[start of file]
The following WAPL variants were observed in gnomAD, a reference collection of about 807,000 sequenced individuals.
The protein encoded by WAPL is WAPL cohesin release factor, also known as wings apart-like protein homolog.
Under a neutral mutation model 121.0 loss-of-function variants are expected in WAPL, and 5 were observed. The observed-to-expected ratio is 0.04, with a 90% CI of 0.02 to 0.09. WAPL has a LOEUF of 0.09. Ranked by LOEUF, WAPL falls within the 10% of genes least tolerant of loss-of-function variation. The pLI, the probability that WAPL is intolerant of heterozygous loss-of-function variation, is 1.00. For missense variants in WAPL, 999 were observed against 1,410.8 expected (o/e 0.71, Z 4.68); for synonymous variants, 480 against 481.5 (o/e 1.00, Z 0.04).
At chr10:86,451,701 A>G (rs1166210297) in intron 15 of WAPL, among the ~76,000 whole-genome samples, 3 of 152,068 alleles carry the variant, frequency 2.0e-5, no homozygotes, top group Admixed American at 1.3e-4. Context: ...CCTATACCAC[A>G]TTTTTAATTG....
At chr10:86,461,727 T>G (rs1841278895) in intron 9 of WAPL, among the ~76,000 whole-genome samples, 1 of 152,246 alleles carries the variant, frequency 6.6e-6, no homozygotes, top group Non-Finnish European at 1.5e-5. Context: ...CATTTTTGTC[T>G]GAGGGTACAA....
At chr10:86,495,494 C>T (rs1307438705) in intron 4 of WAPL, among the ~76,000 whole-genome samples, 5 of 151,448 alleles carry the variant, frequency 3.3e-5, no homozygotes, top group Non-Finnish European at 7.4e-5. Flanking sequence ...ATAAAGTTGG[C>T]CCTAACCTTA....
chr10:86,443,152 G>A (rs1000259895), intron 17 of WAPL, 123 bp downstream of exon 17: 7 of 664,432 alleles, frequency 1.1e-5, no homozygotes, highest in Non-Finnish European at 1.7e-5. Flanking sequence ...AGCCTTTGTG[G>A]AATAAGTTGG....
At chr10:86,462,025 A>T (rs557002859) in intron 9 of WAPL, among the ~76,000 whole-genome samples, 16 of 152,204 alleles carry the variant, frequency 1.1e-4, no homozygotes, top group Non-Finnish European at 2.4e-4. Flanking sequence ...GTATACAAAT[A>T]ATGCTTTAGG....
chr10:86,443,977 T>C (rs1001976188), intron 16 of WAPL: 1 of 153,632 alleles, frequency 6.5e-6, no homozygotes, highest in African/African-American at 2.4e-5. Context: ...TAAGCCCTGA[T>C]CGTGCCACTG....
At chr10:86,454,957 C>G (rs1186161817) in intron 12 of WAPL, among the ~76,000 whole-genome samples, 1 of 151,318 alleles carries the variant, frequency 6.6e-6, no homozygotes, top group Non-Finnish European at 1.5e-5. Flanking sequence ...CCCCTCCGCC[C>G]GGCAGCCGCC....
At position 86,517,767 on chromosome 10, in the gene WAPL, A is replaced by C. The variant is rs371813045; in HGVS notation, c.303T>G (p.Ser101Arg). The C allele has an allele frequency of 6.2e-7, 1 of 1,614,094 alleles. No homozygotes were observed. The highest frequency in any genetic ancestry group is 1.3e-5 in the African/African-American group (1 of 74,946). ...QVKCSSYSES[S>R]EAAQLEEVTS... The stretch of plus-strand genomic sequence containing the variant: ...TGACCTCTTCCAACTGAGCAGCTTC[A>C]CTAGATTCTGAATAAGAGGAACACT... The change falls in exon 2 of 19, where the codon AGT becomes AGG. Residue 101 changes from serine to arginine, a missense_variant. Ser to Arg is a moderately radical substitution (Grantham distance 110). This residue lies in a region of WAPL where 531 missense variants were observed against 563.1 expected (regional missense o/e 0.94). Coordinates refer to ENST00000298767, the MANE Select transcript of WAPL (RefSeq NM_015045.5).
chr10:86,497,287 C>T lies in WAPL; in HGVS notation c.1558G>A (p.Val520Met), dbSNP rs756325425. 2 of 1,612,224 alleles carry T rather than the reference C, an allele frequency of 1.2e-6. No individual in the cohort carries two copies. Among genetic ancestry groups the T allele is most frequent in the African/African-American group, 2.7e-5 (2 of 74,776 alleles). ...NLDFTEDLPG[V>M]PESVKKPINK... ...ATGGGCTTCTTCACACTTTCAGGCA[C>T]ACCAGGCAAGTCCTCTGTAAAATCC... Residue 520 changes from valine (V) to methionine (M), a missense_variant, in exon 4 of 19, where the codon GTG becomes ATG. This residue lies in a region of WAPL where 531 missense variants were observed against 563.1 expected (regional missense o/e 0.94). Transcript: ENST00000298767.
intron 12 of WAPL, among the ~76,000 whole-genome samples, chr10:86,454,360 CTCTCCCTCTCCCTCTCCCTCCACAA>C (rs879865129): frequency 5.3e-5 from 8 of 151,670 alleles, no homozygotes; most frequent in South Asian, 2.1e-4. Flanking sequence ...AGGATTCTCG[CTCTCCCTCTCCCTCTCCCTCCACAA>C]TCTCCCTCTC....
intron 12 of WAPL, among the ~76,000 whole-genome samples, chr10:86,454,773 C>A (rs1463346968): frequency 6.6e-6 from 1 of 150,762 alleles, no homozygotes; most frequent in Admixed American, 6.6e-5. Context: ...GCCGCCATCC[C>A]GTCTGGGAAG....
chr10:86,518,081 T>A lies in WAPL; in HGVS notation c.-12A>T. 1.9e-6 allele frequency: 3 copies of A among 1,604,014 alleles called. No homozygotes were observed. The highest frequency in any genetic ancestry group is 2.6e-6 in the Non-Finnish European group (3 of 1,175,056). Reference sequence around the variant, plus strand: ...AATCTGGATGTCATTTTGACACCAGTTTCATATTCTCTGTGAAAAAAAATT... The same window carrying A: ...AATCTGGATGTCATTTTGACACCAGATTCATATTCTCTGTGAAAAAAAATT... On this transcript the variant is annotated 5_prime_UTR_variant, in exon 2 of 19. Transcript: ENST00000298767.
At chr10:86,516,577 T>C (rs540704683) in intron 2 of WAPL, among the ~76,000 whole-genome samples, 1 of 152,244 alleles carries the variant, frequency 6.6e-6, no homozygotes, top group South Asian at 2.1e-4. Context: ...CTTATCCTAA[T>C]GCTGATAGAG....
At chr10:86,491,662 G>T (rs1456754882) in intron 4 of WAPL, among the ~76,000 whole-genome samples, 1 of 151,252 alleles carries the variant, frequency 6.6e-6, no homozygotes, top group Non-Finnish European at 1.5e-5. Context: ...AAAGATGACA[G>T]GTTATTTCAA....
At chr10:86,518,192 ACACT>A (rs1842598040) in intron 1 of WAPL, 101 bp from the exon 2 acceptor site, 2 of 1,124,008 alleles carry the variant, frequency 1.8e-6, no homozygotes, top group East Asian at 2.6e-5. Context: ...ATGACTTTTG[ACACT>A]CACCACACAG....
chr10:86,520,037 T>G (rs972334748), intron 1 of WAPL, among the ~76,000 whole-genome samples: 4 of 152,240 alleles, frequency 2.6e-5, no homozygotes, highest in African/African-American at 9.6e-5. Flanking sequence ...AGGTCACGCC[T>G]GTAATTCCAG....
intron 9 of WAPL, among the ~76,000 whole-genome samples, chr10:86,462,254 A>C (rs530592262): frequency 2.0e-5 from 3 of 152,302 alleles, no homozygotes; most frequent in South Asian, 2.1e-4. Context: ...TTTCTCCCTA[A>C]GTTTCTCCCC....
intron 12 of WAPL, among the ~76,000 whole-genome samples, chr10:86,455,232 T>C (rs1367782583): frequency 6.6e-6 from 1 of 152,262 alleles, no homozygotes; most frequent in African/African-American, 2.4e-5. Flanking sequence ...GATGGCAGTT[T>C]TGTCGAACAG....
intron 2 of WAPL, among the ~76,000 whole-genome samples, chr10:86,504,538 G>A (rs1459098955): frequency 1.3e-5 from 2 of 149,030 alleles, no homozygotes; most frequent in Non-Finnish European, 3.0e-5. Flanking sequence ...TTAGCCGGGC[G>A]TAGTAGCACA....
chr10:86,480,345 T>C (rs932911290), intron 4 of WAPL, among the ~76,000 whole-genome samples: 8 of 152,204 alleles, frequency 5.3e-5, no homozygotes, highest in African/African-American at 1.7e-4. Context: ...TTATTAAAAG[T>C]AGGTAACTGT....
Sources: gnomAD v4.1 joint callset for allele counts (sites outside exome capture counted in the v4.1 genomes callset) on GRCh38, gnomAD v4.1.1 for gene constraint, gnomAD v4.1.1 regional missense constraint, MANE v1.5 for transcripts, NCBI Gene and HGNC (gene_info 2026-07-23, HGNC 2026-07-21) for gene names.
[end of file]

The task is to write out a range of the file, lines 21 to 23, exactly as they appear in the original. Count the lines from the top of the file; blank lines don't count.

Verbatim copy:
intron 12 of WAPL, among the ~76,000 whole-genome samples, chr10:86,455,232 T>C (rs1367782583): frequency 6.6e-6 from 1 of 152,262 alleles, no homozygotes; most frequent in African/African-American, 2.4e-5. Flanking sequence ...GATGGCAGTT[T>C]TGTCGAACAG....
intron 2 of WAPL, among the ~76,000 whole-genome samples, chr10:86,504,538 G>A (rs1459098955): frequency 1.3e-5 from 2 of 149,030 alleles, no homozygotes; most frequent in Non-Finnish European, 3.0e-5. Flanking sequence ...TTAGCCGGGC[G>A]TAGTAGCACA....
chr10:86,480,345 T>C (rs932911290), intron 4 of WAPL, among the ~76,000 whole-genome samples: 8 of 152,204 alleles, frequency 5.3e-5, no homozygotes, highest in African/African-American at 1.7e-4. Context: ...TTATTAAAAG[T>C]AGGTAACTGT....